Nepali Times Asian Paints
DANIEL LAK
Here And There
Love thy neighbourhood superpower


DANIEL LAK


A dangerous tide is washing on the shores of public opinion around the world, a growing and visceral anti-Americanism that is every bit as threatening and fundamentalist as religious zealotry. A poll by a respected international organization finds that America is identified as a negative force in world affairs by substantial numbers of people in 35 different countries (See World Paper, Nepali Times, #126). You don't need to be a psychic or skilled political pundit to realise that the war in Iraq is not going to make things any better.

There are very good reasons for people to oppose this, not least that anti-American feeling is akin to racism or communalism. Wait, I can hear many of you saying, America brings all this on herself. The arrogance that occasionally flows forth from Washington is breathtaking, and the long record of botched and occasionally malevolent bungling in other countries' affairs speaks for itself, you say. From Cuba and the Philippines at the turn of the 20th century to Afghanistan at the beginning of the 21st, America abroad has put its interests before all others'.

The mass culture industry propagated by Hollywood and the Internet spreads emptiness and eclipses local tradition, draining away uniqueness and maximising profit. Guns, drugs, consumption and vacuous missionary-driven Christianity all pour forth in abundance, per-capita foreign aid spending is the lowest among wealthy countries. And so on.

All of these points are either valid or worth debating, but none of them justify the rise in anti-Americanism. The United States-a republic founded on basic notions of freedom and fairness-has been an imperial power for more than 100 years but it has long wrestled with that role. Each time America has gone to war in that time, a significant body of public opinion has been opposed, and the best efforts of governments and those in authority to stifle dissent have failed. Even now, as tens of thousands of soldiers muster in the Gulf, and the drums of war beat loudly, many, many Americans express unease or outright anger at their country's actions. The task for those outside of the USA who feel the same is not to give way to virulent anti-Americanism. It's to find common ground with those in America who feel the same way. It's to recognise that America has within it the potential to do great good, not just great harm.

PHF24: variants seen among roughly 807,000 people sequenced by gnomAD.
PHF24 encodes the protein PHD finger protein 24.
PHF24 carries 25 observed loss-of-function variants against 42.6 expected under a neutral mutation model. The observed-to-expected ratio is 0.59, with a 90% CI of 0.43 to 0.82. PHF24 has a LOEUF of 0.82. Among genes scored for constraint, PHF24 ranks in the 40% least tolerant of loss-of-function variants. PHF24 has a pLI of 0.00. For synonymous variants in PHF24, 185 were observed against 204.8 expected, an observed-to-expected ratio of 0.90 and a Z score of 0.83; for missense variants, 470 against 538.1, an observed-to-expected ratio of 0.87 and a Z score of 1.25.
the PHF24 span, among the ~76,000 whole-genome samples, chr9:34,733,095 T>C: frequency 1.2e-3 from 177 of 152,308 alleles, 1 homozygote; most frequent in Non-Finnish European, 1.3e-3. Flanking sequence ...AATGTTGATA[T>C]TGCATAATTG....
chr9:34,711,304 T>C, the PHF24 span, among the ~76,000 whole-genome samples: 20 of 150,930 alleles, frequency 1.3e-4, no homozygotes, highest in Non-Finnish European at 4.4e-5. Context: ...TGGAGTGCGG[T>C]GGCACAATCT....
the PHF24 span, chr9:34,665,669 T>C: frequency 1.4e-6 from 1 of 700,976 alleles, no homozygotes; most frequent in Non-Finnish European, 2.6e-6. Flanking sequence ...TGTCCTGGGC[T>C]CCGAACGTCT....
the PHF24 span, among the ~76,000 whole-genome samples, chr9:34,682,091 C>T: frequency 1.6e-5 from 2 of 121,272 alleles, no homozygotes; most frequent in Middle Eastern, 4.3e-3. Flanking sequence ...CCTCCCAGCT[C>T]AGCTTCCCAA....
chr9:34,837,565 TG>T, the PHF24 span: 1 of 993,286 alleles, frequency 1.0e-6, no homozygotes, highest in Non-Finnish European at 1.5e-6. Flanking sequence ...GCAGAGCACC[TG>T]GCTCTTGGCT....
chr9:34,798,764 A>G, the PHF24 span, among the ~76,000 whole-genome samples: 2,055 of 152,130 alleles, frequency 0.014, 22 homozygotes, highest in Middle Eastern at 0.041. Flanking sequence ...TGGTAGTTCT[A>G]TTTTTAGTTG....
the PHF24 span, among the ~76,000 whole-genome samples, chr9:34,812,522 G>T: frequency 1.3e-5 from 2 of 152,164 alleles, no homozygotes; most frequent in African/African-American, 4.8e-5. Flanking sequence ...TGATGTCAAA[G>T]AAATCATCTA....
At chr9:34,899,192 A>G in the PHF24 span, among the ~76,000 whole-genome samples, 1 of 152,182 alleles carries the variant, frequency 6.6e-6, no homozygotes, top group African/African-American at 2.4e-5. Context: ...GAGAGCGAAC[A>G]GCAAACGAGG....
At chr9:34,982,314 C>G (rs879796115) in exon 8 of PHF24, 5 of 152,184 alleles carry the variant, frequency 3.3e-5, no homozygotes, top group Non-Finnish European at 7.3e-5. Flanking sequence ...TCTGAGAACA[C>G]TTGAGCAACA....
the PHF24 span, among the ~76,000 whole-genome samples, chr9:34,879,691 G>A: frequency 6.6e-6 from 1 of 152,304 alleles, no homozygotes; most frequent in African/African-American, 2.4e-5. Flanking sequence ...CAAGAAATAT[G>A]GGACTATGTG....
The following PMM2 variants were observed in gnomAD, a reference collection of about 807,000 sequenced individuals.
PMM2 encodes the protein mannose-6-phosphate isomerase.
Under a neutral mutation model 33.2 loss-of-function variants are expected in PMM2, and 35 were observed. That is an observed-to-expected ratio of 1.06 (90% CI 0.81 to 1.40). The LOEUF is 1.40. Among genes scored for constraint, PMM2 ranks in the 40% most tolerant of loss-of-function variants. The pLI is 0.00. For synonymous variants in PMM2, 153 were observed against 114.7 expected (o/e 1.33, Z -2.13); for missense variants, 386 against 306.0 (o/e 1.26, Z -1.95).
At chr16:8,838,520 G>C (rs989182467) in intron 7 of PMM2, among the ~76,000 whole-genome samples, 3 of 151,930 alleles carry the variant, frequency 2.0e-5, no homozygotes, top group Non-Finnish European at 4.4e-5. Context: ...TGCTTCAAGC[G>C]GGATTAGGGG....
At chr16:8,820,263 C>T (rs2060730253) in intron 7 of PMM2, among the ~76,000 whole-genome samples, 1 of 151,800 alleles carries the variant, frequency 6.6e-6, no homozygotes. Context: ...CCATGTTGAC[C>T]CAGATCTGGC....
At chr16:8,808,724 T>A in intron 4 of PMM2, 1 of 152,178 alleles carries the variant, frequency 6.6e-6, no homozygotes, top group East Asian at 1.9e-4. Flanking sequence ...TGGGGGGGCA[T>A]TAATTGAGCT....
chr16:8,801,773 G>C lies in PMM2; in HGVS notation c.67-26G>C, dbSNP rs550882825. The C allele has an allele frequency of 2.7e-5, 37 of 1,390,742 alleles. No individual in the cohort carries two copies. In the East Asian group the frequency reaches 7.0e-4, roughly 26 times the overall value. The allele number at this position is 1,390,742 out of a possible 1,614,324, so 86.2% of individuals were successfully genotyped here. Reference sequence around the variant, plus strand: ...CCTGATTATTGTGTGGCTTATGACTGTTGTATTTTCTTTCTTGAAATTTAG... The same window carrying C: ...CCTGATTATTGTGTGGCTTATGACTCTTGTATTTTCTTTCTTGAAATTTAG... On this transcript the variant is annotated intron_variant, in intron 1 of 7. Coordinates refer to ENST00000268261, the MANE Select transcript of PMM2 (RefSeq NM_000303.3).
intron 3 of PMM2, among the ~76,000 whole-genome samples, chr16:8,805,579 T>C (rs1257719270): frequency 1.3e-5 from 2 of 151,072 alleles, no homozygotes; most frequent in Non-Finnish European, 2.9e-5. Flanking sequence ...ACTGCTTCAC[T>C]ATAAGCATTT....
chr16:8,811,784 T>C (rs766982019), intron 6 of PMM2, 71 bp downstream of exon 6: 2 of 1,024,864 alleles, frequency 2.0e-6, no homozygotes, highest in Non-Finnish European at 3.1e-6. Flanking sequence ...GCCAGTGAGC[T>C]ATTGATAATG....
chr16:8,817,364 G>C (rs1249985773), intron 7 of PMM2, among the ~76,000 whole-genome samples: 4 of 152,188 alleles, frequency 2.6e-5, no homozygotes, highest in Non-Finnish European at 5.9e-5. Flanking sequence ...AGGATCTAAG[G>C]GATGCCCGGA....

Britain has long held a version of this point of view. Some Europeans, despite decades of prosperity under American protection, look down on the close ties between Washington and London. "A lapdog" was how one French commentator described the British Prime Minister recently. This misses the point entirely. The British use their friendship with America to their advantage. "It lets us punch above our weight in international diplomacy," was the pithy phrase used by former foreign secretary Douglas Hurd. And it allows a nation with a slightly more sophisticated approach to global affairs to influence the brash young superpower to behave with a little more circumspection and subtlety. America's other closest friends-Canada and Mexico-take much the same approach, even though the gut feeling of many of their citizens tends to anti-Americanism from time to time..

There are parallels here in Nepal to the relationship with India. This country has a giant neighbour whose national interests can periodically seem overwhelming to regional harmony or prosperity. Yet the way to handle such a neighbour is not with shrill denunciation or pointless outbursts of violence and virulent hatred. It's to work subtly, from the inside, pushing forward Nepal's case and to support-when viable-India's legitimate concerns.

Individual Indians look upon Nepal largely with benevolence. Harnessing that goodwill to further Nepal's interests is the task of diplomats and governments, a task usually neglected or spurned it must be said. India's democratic system and basic openness are strengths to be emulated and encouraged. Anti-India feeling here, like anti-Americanism everywhere, plays into the hands of extremists and the ill-intentioned and does little to help those most in need. Love thy neighborhood superpower. For your own good.


LATEST ISSUE
638
(11 JAN 2013 - 17 JAN 2013)


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